VOICES: Low-income and uninsured patients pay the price for corporate hospital loopholes and executive bonuses

My faith teaches me that healing and transformation come from a loving God who gives generously to all, but too often our health care system is overcome with greed that excludes children of God in need of healing. This corporate greed can harm all aspects of our country if we don’t keep a close eye on it, especially in health care – a vital service to everyday people. Profit-driven hospital corporations are finding ways to manipulate the system to take more than their fair share.

Some hospitals are actively taking advantage of a program designed by the federal government to assist hospitals that provide charity care to low-income and uninsured patients. Known as the 340B Drug Pricing Program, it was designed to provide discounts on prescription drugs to a small group of charity care hospitals. Instead, it is being abused for the sake of profit.

The 340B program’s vague eligibility criteria and lack of explicit definitions of how savings from drug discounts should be used has created loopholes for hospitals to profit. Corporate hospitals saw these loopholes and did whatever they could to qualify themselves as so-called “nonprofit” hospitals. They began purchasing community care centers that were not originally 340B eligible and converted them into offsite hospital outpatient departments. This allowed them to qualify as 340B eligible under the program’s vague criteria. As a result, the 340B program went from covering 90 charity care hospitals to more than 2,000 around the country, with very few actually using the savings for charity care.

In 2017, the Pacific Research Institute’s (PRI) Center for Medical Economics and Innovation studied exactly how much damage had been done by the alarming growth of the 340B program. PRI compared 340B hospitals to non-340B hospitals across eight different states and found that not only do “non-profit” 340B hospitals make 37% more in profits compared to the average of all hospitals, but these 340B hospitals – that are supposed to provide charity care – give 22% less of their net patient revenue to charity care than all hospitals.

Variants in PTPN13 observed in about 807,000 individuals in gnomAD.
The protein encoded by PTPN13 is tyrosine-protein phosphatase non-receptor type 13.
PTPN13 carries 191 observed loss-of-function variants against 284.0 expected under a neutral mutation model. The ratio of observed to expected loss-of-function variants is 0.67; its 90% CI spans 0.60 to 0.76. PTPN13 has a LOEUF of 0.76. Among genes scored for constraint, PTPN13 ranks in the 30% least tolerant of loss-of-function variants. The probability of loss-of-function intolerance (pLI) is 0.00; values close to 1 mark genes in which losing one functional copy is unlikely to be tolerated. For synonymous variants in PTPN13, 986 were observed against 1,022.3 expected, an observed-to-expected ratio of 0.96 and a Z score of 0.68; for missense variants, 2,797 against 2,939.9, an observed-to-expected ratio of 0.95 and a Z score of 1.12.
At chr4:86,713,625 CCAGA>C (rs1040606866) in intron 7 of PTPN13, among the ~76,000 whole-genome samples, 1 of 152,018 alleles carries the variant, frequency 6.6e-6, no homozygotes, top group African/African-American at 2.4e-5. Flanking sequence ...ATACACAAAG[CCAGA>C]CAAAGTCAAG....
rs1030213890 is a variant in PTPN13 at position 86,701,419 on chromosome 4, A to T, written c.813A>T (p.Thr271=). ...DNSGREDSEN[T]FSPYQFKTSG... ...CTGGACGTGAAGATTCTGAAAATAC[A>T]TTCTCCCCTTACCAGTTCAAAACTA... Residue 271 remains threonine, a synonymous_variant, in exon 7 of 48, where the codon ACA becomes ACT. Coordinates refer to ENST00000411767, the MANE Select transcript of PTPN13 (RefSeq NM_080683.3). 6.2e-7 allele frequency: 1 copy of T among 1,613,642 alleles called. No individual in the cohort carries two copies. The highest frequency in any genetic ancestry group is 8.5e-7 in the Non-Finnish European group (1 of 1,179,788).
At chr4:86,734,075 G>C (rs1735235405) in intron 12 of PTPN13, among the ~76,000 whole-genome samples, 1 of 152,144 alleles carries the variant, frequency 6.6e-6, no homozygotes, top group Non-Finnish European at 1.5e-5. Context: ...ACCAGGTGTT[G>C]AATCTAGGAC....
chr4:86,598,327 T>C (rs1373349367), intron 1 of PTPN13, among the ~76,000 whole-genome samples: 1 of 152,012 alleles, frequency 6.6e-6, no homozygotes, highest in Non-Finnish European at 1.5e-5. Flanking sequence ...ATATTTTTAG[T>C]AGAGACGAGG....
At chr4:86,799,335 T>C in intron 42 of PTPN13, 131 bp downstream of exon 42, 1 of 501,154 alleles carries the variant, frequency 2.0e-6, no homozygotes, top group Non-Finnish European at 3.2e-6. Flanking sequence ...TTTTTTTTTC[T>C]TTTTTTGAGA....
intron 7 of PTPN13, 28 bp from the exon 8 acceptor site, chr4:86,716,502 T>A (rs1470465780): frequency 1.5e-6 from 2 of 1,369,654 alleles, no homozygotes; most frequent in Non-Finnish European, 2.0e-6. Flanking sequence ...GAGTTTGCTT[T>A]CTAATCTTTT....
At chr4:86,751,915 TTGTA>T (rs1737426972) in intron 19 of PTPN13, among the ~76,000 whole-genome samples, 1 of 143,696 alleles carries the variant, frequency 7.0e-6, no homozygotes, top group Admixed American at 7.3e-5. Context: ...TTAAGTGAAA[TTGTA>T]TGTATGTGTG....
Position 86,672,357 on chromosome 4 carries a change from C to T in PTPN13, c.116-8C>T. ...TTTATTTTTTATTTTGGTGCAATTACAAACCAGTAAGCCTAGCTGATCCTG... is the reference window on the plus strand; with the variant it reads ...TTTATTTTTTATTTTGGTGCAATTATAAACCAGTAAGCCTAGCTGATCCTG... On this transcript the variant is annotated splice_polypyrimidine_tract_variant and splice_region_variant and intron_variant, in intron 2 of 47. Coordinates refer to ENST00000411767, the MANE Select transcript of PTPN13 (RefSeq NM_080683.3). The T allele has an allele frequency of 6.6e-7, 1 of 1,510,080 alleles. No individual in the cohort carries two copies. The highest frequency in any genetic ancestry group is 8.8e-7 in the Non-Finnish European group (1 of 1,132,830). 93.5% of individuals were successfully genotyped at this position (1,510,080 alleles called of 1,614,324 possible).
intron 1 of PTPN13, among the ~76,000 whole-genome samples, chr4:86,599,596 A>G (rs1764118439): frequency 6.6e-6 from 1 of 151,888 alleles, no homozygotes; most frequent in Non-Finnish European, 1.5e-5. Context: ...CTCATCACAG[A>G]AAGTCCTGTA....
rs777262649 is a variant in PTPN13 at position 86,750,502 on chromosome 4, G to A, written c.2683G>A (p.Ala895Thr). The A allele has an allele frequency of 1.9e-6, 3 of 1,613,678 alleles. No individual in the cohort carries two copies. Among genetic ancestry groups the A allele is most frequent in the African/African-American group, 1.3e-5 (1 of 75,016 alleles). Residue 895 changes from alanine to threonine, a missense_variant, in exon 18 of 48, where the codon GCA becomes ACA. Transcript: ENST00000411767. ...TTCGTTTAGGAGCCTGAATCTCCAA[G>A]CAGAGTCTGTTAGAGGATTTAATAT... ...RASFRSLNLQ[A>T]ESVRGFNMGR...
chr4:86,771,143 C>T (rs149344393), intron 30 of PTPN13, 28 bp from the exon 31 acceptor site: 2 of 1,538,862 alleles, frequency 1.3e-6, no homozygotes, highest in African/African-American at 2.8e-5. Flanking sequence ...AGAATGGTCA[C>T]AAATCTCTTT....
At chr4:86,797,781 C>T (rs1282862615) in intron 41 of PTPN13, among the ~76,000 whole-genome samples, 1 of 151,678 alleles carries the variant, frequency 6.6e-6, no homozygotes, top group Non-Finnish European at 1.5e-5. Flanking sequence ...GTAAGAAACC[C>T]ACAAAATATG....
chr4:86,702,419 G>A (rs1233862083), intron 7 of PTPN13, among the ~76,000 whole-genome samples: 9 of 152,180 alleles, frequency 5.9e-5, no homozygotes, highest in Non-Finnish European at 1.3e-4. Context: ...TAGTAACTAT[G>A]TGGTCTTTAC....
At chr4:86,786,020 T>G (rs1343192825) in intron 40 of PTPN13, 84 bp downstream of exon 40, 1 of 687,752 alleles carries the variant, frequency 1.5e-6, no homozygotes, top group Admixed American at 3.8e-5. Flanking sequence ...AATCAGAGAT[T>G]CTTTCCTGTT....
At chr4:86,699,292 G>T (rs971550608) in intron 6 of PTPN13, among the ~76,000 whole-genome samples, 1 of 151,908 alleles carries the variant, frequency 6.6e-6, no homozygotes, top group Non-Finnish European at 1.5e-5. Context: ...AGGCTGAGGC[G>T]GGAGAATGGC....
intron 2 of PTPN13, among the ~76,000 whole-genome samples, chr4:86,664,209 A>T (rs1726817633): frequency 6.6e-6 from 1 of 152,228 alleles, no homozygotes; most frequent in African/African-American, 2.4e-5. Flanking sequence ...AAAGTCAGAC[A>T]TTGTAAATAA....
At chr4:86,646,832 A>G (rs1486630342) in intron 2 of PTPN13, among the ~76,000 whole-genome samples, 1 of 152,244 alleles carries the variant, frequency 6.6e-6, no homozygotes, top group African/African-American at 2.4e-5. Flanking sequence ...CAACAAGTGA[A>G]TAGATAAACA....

Among the hospitals PRI studied, two were in our home state of Ohio: Good Samaritan Hospital in Cincinnati and Miami Valley Hospital in Dayton. Unfortunately, they are no exception to the misdeeds we’ve seen. Hospitals looked at in the study generated hundreds of millions in revenue and paid their executives huge salaries but spent shockingly low amounts on actual charity care. Good Samaritan Hospital raked in over $97 million in annual profit and paid top executive, Mark Clement, close to $1.8 million for FY 2019 but spent only 0.66% of their net patient revenue on charity care. Miami Valley Hospital made over $42 million in profit in FY 2018 and paid their top executive, Mary Boosalis, over $1.9 million yet spent only 1.36% of their net patient revenue on charity care. It’s upsetting that hospital corporations can take advantage of federal programs and line their pockets with the savings instead of using them to help needy patients. Also, according to the recent reporting by the Dayton Daily News, CEOs at other area hospitals received bonuses totalling more than 2 million in 2021.

Millions of dollars in executive bonuses and 340B’s unchecked rapid growth has gone on for far too long. Congress should act to make sure that discounts are going only to hospitals that provide real charity care, not hospitals looking to take advantage of the program. For the sake of low-income and uninsured patients, Congress needs to swiftly reform the 340B program and close any loopholes. I pray that the beloved children of God in need of health care at Good Samaritan Hospital in Cincinnati and Miami Valley Hospital in Dayton are prioritized over profit.

Bishop Marcia Dinkins is the Executive Director of Black Women Rising.

Editor’s Note: Premier Health submitted this response to today’s column: Premier Health spent about $400 million on community benefits (including charity care) in 2021 – more than 18 percent of the health system’s operating expense. As previously reported by the Dayton Daily News, Premier Health had a negative operating margin from 2020 through 2022, and savings from the 340B program cover a small fraction of the cost of meeting the health care needs of underserved patients and fulfilling our commitment to the community. To qualify for the 340B program, Premier Health demonstrated that its facilities provide a sizable portion of its inpatient business to Medicaid recipients, which aligns with Premier Health’s not for profit mission of providing care to the broader community. Executive pay at Premier Health reflects both market rates and the skill sets needed to navigate the scope, complexity, regulations, and compliance requirements inherent in health care.

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